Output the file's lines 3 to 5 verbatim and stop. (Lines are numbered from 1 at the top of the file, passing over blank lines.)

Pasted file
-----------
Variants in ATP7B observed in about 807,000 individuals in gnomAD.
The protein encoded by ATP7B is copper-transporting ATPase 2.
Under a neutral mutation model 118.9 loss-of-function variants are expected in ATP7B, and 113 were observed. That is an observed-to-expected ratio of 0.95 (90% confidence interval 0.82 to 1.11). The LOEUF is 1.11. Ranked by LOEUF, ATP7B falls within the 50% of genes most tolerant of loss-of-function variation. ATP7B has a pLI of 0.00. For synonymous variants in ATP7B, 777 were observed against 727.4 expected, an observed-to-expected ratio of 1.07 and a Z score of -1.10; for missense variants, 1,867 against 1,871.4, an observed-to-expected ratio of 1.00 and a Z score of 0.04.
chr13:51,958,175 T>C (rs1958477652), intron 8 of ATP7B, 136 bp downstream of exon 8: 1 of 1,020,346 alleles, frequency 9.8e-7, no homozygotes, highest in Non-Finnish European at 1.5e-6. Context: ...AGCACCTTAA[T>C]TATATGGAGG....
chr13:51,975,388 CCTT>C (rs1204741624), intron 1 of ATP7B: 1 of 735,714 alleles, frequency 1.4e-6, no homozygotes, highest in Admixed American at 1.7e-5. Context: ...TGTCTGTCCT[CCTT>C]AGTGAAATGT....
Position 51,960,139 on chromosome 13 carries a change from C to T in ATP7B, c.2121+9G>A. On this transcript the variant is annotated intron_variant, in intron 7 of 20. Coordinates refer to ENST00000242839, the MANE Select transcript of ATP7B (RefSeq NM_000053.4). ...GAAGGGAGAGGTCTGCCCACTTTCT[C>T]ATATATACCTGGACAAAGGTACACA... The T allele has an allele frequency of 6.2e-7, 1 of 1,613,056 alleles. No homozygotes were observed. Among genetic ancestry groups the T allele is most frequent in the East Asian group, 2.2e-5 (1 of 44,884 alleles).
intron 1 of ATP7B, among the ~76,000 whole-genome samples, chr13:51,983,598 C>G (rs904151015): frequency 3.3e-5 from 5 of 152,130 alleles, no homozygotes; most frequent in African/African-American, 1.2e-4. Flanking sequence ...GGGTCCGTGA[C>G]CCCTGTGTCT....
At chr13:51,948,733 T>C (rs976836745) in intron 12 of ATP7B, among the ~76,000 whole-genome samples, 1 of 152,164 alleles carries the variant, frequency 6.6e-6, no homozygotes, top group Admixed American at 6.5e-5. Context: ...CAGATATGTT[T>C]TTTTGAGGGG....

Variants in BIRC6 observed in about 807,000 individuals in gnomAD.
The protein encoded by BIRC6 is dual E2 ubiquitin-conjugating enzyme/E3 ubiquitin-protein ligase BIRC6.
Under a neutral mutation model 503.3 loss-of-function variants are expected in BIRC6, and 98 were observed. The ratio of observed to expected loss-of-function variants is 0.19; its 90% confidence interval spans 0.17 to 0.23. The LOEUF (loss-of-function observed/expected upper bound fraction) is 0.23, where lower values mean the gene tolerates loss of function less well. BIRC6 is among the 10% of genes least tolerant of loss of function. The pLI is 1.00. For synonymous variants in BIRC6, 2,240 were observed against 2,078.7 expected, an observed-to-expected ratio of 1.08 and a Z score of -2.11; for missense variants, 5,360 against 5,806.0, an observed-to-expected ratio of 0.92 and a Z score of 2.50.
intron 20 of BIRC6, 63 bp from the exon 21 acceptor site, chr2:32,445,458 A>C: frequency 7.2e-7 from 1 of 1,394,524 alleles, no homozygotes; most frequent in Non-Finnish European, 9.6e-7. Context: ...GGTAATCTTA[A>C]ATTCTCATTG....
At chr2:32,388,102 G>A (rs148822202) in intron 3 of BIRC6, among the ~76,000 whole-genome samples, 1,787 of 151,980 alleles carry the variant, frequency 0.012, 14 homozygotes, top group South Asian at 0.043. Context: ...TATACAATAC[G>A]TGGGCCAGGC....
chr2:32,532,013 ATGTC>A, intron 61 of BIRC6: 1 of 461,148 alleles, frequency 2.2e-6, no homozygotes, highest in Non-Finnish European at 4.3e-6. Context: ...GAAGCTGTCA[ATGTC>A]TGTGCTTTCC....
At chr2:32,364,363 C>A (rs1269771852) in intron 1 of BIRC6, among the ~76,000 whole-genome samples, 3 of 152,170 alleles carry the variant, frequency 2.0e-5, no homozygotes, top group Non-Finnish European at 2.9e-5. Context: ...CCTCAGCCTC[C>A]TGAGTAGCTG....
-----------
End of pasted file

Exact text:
Under a neutral mutation model 118.9 loss-of-function variants are expected in ATP7B, and 113 were observed. That is an observed-to-expected ratio of 0.95 (90% confidence interval 0.82 to 1.11). The LOEUF is 1.11. Ranked by LOEUF, ATP7B falls within the 50% of genes most tolerant of loss-of-function variation. ATP7B has a pLI of 0.00. For synonymous variants in ATP7B, 777 were observed against 727.4 expected, an observed-to-expected ratio of 1.07 and a Z score of -1.10; for missense variants, 1,867 against 1,871.4, an observed-to-expected ratio of 1.00 and a Z score of 0.04.
chr13:51,958,175 T>C (rs1958477652), intron 8 of ATP7B, 136 bp downstream of exon 8: 1 of 1,020,346 alleles, frequency 9.8e-7, no homozygotes, highest in Non-Finnish European at 1.5e-6. Context: ...AGCACCTTAA[T>C]TATATGGAGG....
chr13:51,975,388 CCTT>C (rs1204741624), intron 1 of ATP7B: 1 of 735,714 alleles, frequency 1.4e-6, no homozygotes, highest in Admixed American at 1.7e-5. Context: ...TGTCTGTCCT[CCTT>C]AGTGAAATGT....